Team cohesion (or collaboration vs. alienating competitiveness) – I witnessed a graduate student once sit in a room of 19 of his peers and proclaim, “I am not going to share details of how I work with athletes in this room. Everyone in this room is my future competition.” (I am relieved to say that this individual has grown beyond this stance in the years since.) Can you imagine a truly successful soccer player on a truly successful team standing in a team meeting and saying, “I am not going to share or show any of my preparation strategies or experience with my teammates. They could take my spot in the line-up.” Desire to get ahead and look out for one’s self is a common human urge. Furthermore when one has a mortgage, a family, and a lifestyle they hope to achieve it is easy to see fellow professionals as threats rather than teammates. This all said, there are pages upon pages of sport psychology research that shows that collaboration trumps alienating competitiveness any day. Run towards competent peers, don’t put up walls blocking them out.

(This doesn’t mean peers don’t compete… By 1999, Dr. Gardner interned with the Cleveland Indians and in Penn State Athletics prior to completing his doctoral degree. As I was 2 years behind him in my studies, he looked at me and said, “Beat that before you graduate.” A handful of months later I moved to Florida for 10 months, set up a comprehensive sport psych program at the International Tennis Academy USA, worked with top international juniors through a few top 200 pros, and found myself the next September sitting courtside watching a client at the US Open. I’m not sure if I managed to trump Doug’s pre-doc exploits, but surely I gave it a shot. More importantly, we speak almost daily and hide no professional secrets.)

Run towards competent peers, don’t put up walls blocking them out.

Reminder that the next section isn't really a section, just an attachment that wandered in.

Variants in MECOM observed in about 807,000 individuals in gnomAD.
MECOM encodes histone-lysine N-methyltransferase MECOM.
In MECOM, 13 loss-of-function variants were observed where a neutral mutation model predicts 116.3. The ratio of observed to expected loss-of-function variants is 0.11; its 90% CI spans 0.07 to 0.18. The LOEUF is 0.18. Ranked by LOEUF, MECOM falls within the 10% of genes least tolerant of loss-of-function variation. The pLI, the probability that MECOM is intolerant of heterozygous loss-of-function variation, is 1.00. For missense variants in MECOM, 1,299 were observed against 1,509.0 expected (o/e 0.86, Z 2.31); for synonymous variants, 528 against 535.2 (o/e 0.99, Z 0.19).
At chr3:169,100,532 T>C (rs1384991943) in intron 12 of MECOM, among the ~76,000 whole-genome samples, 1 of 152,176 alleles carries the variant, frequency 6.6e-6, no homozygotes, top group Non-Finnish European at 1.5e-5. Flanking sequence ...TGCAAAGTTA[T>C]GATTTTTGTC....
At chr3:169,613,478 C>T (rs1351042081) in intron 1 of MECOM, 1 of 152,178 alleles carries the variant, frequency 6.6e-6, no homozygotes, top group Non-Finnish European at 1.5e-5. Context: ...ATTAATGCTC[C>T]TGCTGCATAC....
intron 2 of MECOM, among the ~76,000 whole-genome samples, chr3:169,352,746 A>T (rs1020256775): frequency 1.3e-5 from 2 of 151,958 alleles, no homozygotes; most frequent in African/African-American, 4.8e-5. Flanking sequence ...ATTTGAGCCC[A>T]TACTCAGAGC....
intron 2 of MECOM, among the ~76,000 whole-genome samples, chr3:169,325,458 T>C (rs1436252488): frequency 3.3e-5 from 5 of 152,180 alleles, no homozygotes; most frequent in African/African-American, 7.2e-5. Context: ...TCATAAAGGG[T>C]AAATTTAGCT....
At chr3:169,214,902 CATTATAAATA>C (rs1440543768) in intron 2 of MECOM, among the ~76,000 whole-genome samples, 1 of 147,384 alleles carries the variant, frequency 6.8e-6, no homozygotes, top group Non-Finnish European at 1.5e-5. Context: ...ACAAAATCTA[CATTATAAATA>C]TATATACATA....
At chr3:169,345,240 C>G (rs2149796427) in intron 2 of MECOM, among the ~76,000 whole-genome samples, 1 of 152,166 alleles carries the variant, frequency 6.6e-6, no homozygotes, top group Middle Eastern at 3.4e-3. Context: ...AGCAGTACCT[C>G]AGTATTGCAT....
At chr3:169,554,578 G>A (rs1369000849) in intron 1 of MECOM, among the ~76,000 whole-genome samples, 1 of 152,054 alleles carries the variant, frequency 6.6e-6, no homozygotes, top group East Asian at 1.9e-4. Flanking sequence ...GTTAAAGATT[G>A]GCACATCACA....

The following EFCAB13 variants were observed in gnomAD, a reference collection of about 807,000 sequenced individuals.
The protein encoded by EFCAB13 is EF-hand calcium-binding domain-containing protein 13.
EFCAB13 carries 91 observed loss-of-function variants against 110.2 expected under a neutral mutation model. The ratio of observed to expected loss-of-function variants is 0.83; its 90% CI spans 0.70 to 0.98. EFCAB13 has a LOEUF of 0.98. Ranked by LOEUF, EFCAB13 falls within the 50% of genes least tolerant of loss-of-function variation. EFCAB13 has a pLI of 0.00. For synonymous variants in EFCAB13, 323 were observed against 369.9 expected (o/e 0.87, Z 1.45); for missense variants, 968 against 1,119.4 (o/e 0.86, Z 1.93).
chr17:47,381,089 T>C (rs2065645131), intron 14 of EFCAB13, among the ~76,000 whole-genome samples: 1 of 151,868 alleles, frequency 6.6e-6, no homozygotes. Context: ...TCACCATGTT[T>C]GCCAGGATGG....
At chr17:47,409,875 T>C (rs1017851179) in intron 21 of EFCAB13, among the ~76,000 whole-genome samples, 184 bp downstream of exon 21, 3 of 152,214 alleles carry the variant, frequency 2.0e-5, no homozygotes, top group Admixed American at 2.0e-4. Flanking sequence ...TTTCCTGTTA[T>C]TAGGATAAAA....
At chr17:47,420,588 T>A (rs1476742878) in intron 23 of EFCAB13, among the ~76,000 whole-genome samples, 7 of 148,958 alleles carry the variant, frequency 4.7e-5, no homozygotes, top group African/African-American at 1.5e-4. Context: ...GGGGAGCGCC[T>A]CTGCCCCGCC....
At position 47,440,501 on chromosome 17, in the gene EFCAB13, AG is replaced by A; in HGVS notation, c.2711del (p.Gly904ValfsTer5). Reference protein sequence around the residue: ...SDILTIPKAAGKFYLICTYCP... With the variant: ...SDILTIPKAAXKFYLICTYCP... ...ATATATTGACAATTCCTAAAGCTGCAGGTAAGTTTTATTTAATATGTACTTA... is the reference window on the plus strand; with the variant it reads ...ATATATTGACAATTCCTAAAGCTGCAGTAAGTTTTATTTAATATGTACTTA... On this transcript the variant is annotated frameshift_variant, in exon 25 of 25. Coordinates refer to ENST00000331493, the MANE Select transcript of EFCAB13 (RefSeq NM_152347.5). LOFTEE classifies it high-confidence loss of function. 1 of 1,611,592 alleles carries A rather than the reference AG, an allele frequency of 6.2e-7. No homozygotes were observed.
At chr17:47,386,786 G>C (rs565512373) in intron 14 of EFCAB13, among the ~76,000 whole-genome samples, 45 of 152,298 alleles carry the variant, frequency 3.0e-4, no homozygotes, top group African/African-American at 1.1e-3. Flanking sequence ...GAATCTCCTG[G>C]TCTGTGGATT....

Get Flow – Flow is not simply about great feelings… great feelings can facilitate it or can be a consequence of flow. Yet, flow is about embracing challenge – on the developmental journey, getting after the stresses of differentiation while knowing the calmer waters of integration will exist soon (and then doing it all over again). When we harness our efforts appropriately and the planets are aligned we may find flow… a great place to be. The rest of the time we are trying to wrap our arms successfully around challenge. Don’t forget that. Making a living in applied sport psychology is about “trying to wrap our arms successfully around challenge.” The challenge to be competent, the challenge to clearly articulate and show coaches why your work matters, the challenge to negotiate a reasonable contract, the challenge to survive in a field where very few “help wanted” adds exist, etc. Some days you’ll flow… more importantly commit to embracing challenge in your professional life.

These are just a few textbook sport psych ideas that strike me while writing this post. Sometimes we forget to apply the most important ideas to our own professional practice. Please add to this list and let it serve to steady you as you navigate the field. My thought for class of 2011 sport psych grads… keep your textbooks close at hand and theories close in mind. If you believe they are important to an athlete’s career success, it is likely that they are important to yours. Congrats grads.